that's why we have (none / 0) (#13)
    by Jeralyn on Fri Jan 28, 2011 at 06:39:57 PM EST
    open threads, where you can write about what interests you when we don't.

    I guess it was not (none / 0) (#18)
    by Capt Howdy on Sat Jan 29, 2011 at 09:59:17 AM EST
    but the optics were pretty bad.  I think my original comment said something like he finds new ways to make himself look ridiculous.  I think it looked sort of ridiculous to the legally unsophisticated of us.
    did he try to get them to pay for his dental bills and discomfort?  if he did and they refused that would be different.  I dont honestly care enough to google.  my comment was not really about the legitimacy of the suit but the optics of it in this litigation mad world we live in where every other tv commercial is soliciting vehicles for corporate lawsuits.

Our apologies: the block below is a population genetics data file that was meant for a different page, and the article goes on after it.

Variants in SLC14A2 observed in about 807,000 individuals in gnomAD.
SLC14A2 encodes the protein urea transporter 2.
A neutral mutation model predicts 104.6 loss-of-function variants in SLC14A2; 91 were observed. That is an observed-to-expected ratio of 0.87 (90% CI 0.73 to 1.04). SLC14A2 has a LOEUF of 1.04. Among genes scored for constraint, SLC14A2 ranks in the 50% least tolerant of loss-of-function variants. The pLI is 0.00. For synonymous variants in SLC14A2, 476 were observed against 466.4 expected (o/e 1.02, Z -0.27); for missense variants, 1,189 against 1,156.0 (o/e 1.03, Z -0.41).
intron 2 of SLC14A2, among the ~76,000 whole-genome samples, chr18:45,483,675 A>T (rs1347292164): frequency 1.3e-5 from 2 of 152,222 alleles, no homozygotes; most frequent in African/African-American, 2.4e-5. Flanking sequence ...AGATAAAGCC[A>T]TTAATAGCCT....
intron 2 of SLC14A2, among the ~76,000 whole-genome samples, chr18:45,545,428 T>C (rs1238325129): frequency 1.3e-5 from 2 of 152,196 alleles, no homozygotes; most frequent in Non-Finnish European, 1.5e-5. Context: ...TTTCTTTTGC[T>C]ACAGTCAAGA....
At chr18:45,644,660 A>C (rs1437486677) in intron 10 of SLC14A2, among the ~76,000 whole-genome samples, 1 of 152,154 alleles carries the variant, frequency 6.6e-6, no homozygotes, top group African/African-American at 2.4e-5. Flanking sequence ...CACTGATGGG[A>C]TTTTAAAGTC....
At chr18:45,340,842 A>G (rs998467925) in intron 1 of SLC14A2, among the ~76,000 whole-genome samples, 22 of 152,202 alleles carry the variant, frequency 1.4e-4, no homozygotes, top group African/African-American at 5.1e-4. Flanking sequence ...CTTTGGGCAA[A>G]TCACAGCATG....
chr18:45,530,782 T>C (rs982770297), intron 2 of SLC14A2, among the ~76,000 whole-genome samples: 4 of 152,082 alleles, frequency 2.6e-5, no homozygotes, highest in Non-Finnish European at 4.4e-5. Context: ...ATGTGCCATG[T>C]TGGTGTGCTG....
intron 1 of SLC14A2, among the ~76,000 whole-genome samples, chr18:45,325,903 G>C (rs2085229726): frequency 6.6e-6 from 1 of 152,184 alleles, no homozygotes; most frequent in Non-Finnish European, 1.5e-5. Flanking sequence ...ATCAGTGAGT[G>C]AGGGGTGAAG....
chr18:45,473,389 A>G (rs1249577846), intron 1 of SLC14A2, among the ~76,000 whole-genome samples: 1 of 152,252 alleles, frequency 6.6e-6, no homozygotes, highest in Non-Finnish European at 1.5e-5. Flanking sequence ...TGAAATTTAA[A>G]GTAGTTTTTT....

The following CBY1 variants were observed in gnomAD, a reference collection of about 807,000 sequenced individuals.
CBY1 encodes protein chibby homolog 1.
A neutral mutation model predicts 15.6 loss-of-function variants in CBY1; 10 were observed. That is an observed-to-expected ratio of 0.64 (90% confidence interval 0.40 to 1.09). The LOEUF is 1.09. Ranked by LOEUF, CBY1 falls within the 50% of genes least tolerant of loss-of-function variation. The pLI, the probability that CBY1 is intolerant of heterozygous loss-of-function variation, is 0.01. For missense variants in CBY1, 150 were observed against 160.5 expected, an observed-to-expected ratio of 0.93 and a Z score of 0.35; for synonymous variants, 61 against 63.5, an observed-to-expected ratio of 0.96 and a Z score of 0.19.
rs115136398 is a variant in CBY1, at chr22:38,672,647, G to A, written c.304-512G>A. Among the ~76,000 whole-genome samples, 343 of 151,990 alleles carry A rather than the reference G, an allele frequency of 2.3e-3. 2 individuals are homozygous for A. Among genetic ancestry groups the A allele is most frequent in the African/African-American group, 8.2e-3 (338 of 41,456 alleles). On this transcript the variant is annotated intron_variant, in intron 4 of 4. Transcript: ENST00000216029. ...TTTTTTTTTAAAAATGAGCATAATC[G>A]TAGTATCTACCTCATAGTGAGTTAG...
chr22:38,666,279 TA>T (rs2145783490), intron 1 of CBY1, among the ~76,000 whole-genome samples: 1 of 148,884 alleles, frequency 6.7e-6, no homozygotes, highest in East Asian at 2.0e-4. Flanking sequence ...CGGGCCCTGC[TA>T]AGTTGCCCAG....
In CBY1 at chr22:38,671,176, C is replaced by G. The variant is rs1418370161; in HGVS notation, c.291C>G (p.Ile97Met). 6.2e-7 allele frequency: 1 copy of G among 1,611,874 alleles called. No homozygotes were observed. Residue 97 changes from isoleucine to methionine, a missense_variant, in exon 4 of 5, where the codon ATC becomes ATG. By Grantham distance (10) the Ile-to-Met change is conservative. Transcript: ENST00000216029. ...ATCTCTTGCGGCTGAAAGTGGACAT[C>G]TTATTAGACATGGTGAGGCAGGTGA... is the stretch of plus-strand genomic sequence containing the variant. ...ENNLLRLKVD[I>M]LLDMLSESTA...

From the link to USAToday (none / 0) (#19)
    by talesoftwokitties on Sat Jan 29, 2011 at 01:12:34 PM EST
    "None of his dental work, he said, was covered by his health plan nor did he have dental insurance that covered his injury."

    I am very surprised that a US Congressman has such a crappy dental plan. How can that not be covered with some sort of deductible?

    It's "cosmetic"... (none / 0) (#20)
    by kdog on Sat Jan 29, 2011 at 02:50:05 PM EST
    I'm with you, it makes no sense, but that's the ins co loophole...pulling it is probably covered, after that you're on your own.